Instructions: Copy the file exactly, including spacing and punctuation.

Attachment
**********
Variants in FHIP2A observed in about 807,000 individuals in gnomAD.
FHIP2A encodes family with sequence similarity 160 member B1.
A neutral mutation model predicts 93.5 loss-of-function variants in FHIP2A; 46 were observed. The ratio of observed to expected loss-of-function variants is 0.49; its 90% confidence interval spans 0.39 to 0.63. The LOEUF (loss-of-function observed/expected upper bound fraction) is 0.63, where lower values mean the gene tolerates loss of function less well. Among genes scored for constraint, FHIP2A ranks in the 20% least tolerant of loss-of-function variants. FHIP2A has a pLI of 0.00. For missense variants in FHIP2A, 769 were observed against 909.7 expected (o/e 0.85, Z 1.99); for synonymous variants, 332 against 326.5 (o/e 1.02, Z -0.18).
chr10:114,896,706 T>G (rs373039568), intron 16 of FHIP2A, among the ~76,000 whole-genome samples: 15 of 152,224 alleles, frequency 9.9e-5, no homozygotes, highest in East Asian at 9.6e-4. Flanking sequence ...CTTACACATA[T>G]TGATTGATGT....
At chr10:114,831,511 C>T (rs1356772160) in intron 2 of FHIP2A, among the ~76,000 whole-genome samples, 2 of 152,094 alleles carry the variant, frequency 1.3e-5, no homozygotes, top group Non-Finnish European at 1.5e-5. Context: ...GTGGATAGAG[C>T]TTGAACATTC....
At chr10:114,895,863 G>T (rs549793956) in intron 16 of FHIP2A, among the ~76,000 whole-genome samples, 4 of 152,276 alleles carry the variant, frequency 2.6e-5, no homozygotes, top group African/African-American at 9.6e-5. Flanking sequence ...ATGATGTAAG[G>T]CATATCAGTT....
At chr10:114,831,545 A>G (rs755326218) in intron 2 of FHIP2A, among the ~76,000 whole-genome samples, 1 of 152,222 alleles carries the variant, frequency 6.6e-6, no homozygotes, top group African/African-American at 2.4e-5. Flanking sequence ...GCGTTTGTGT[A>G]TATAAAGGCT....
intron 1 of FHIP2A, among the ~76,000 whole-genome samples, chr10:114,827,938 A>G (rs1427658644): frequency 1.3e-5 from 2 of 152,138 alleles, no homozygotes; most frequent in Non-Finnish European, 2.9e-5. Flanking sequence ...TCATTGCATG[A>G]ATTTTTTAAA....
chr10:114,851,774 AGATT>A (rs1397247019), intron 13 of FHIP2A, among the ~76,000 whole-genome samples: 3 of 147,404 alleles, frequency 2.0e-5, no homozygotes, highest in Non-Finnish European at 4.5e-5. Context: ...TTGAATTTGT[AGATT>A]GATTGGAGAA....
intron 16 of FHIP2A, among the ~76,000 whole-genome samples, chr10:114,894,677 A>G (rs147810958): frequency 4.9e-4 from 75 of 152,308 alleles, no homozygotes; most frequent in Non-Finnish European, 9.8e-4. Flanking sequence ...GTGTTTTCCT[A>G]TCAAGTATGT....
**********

Variants in FHIP2A observed in about 807,000 individuals in gnomAD.
FHIP2A encodes family with sequence similarity 160 member B1.
A neutral mutation model predicts 93.5 loss-of-function variants in FHIP2A; 46 were observed. The ratio of observed to expected loss-of-function variants is 0.49; its 90% confidence interval spans 0.39 to 0.63. The LOEUF (loss-of-function observed/expected upper bound fraction) is 0.63, where lower values mean the gene tolerates loss of function less well. Among genes scored for constraint, FHIP2A ranks in the 20% least tolerant of loss-of-function variants. FHIP2A has a pLI of 0.00. For missense variants in FHIP2A, 769 were observed against 909.7 expected (o/e 0.85, Z 1.99); for synonymous variants, 332 against 326.5 (o/e 1.02, Z -0.18).
chr10:114,896,706 T>G (rs373039568), intron 16 of FHIP2A, among the ~76,000 whole-genome samples: 15 of 152,224 alleles, frequency 9.9e-5, no homozygotes, highest in East Asian at 9.6e-4. Flanking sequence ...CTTACACATA[T>G]TGATTGATGT....
At chr10:114,831,511 C>T (rs1356772160) in intron 2 of FHIP2A, among the ~76,000 whole-genome samples, 2 of 152,094 alleles carry the variant, frequency 1.3e-5, no homozygotes, top group Non-Finnish European at 1.5e-5. Context: ...GTGGATAGAG[C>T]TTGAACATTC....
At chr10:114,895,863 G>T (rs549793956) in intron 16 of FHIP2A, among the ~76,000 whole-genome samples, 4 of 152,276 alleles carry the variant, frequency 2.6e-5, no homozygotes, top group African/African-American at 9.6e-5. Flanking sequence ...ATGATGTAAG[G>T]CATATCAGTT....
At chr10:114,831,545 A>G (rs755326218) in intron 2 of FHIP2A, among the ~76,000 whole-genome samples, 1 of 152,222 alleles carries the variant, frequency 6.6e-6, no homozygotes, top group African/African-American at 2.4e-5. Flanking sequence ...GCGTTTGTGT[A>G]TATAAAGGCT....
intron 1 of FHIP2A, among the ~76,000 whole-genome samples, chr10:114,827,938 A>G (rs1427658644): frequency 1.3e-5 from 2 of 152,138 alleles, no homozygotes; most frequent in Non-Finnish European, 2.9e-5. Flanking sequence ...TCATTGCATG[A>G]ATTTTTTAAA....
chr10:114,851,774 AGATT>A (rs1397247019), intron 13 of FHIP2A, among the ~76,000 whole-genome samples: 3 of 147,404 alleles, frequency 2.0e-5, no homozygotes, highest in Non-Finnish European at 4.5e-5. Context: ...TTGAATTTGT[AGATT>A]GATTGGAGAA....
intron 16 of FHIP2A, among the ~76,000 whole-genome samples, chr10:114,894,677 A>G (rs147810958): frequency 4.9e-4 from 75 of 152,308 alleles, no homozygotes; most frequent in Non-Finnish European, 9.8e-4. Flanking sequence ...GTGTTTTCCT[A>G]TCAAGTATGT....